There may be hope for France yet. At the 2010 Cannes Film Festival, held in the southern region of a country whose official religion is none at all, a film about Christian hope was given the Grand Prix, the festival's second highest honor. (It went on to snag several more prestigious French film awards.) That audiences knew beforehand that the film ends in the murder of eight Catholic monks makes its warm reception all the more striking. Add the fact that the film fixates on praying to Christ and chanting the Psalms, and you've got yourself a mystery in the homeland of Marquis de Sade.
Of Gods and Men (in French, with English subtitles), now in limited release in the U.S., explores the spiritual anatomy of a community of Christians whose love is tested by imminent violence. Taking its name from Psalm 82 ("I said, 'You are "gods"; you are all sons of the Most High,' but you will die like mere mortals"), the film recounts the 1996 Tibhirine massacre, in which seven French Cistercian monks, living in a monastery in Algeria, find themselves caught in conflict between Algeria's government and the Armed Islamic Group. The monks were later kidnapped and beheaded; their bodies were never found. Fifteen years later, amid ongoing investigations, the precise circumstances of their deaths are unknown. While director Xavier Beauvois clearly pays homage to the monks, he isn't interested in solving that mystery as much as asking why the men didn't try to save their lives in the first place.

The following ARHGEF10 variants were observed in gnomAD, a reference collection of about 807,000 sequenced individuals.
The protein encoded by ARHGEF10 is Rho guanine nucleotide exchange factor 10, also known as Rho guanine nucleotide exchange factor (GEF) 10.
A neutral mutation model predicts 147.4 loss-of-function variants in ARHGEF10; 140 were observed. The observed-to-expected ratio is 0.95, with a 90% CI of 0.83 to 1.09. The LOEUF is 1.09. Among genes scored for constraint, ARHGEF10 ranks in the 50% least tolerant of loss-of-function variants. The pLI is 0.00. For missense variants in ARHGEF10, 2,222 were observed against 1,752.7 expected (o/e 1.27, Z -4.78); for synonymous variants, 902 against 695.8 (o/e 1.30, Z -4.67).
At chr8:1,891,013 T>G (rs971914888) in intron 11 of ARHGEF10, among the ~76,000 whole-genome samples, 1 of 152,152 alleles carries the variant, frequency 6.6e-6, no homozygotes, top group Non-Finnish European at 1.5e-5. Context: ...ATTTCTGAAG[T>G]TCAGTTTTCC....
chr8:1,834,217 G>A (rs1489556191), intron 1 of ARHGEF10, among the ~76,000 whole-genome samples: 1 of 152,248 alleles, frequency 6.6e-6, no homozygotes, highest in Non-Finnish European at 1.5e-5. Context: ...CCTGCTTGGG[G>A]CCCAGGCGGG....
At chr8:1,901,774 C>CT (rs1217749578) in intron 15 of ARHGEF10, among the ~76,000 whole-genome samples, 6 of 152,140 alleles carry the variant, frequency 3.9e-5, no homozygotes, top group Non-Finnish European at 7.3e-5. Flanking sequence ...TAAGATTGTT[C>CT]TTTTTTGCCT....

The answer, the film suggests, lies in the men's devotion to God, expressed in daily worship, prayer, and caring for the Muslim villagers with whom they share a quiet countryside. The film's structure follows that of monastic life, moving from extended ...1